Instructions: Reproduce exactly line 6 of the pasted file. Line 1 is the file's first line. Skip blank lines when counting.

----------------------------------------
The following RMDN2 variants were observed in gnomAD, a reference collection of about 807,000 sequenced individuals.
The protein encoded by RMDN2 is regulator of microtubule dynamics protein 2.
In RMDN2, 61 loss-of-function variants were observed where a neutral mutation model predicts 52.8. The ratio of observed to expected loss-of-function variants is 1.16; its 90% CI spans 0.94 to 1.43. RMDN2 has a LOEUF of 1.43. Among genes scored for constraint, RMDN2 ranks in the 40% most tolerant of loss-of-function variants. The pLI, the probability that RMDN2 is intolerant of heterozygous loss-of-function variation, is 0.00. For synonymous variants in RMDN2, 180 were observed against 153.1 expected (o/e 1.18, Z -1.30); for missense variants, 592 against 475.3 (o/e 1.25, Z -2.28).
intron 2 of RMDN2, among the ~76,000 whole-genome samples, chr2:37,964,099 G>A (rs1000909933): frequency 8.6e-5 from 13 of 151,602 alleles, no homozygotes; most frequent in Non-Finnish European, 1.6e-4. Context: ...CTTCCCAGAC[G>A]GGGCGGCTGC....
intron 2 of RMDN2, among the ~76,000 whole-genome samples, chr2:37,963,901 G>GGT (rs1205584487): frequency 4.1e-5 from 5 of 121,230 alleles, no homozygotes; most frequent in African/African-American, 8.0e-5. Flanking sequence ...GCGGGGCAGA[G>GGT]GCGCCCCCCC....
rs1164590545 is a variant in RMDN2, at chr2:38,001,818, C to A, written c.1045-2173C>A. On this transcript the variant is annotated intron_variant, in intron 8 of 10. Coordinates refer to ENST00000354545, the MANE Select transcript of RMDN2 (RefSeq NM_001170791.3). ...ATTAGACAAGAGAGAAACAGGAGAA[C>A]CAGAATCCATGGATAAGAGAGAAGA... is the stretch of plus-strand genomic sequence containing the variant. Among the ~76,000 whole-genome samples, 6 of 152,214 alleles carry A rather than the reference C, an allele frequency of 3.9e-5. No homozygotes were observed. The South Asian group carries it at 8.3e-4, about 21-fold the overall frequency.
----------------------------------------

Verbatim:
rs1164590545 is a variant in RMDN2, at chr2:38,001,818, C to A, written c.1045-2173C>A. On this transcript the variant is annotated intron_variant, in intron 8 of 10. Coordinates refer to ENST00000354545, the MANE Select transcript of RMDN2 (RefSeq NM_001170791.3). ...ATTAGACAAGAGAGAAACAGGAGAA[C>A]CAGAATCCATGGATAAGAGAGAAGA... is the stretch of plus-strand genomic sequence containing the variant. Among the ~76,000 whole-genome samples, 6 of 152,214 alleles carry A rather than the reference C, an allele frequency of 3.9e-5. No homozygotes were observed. The South Asian group carries it at 8.3e-4, about 21-fold the overall frequency.